Federal Reserve Janet Yellen broadcast to the world on Nov. 17 that an interest rate hike by the central bank is likely to come soon, maybe even the next time the Fed meets.
“At our meeting earlier this month, the Committee judged that the case for an increase in the target range had continued to strengthen and that such an increase could well become appropriate relatively soon if incoming data provide some further evidence of continued progress toward the Committee’s objectives,” Yellen testified to the U.S. Joint Economic Committee Sept. 28.
This is not the first time Yellen had indicated that the rate hike would happen after the election.
On Sept. 28, she testified to the same committee that, “While there’s no fixed timetable for removing [accommodation], many of my colleagues indicated in their recent projections, the majority, that they would see it as appropriate to make a move to take a step in that direction this year, if things continue on the current path and no new significant risks arise.”
There are only a few meetings of the Board of Governors left this year, and barring a rate hike right before Thanksgiving, it may mean the rate hike will come in December.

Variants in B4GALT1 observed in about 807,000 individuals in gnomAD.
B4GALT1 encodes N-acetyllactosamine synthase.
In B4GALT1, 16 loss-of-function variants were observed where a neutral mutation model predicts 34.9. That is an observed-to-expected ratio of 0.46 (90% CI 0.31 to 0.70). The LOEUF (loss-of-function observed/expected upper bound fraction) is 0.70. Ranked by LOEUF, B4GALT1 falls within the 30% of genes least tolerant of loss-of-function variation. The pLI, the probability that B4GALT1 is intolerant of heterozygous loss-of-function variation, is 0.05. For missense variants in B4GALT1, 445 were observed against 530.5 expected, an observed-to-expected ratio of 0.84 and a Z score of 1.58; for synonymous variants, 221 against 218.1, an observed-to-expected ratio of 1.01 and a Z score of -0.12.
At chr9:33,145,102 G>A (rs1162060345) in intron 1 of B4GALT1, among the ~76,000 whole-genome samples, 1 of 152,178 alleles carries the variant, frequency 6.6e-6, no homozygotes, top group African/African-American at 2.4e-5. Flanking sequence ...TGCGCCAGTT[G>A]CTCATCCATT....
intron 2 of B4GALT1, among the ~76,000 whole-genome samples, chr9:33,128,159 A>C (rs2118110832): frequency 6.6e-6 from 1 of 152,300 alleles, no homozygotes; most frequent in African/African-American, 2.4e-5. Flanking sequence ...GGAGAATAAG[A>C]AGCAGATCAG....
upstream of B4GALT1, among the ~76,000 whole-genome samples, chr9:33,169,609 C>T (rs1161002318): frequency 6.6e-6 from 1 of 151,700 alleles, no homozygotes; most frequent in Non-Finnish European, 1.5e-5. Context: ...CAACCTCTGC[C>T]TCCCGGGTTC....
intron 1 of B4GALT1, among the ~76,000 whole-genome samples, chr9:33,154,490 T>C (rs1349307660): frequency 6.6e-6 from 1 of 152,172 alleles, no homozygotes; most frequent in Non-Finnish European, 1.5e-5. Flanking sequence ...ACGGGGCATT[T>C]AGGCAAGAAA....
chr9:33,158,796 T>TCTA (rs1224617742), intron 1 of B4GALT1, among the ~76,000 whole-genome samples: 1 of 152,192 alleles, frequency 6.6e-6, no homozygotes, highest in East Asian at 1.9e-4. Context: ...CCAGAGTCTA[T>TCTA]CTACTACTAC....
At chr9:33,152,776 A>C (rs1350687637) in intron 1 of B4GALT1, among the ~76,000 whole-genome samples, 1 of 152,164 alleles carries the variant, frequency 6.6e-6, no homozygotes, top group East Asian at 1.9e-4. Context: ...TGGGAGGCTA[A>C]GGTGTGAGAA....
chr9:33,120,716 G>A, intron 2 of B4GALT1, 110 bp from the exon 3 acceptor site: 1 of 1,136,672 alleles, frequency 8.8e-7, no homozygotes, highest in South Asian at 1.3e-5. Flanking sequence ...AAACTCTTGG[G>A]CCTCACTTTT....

Which, if the Fed is just planning to hike the federal funds rate anyway — which currently stands at a miniscule 0.4 percent — why hasn’t the Fed already raised rates?
Was the central bank acting politically, say, to help Hillary Clinton get elected? What has appreciably changed between September and now to warrant the rate hike now? That said, if the Fed is ready to raise rates, they should normalize and just get it over with.
Even if doing so would probably be extremely bearish since the Fed tends to hike interest rates right before elections.
And may even be viewed politically as knee-capping the incoming Trump administration. That is, the Fed could have gotten the rate hike out of the way already, but waited until right before Trump got sworn in.
If recession does result, it will create a ready-made narrative and strengthen calls among Republicans in Congress to remove rate-setting away from the Board of Governors altogether, perhaps by letting larger banks just set the low rate themselves. Or even making the federal funds rate publicly traded via some investment vehicle.
Who knows what might happen? But the Fed made its bed, now it must lie in it. The central bank has put off normalization for long enough. It’s time to let the economy sink or swim.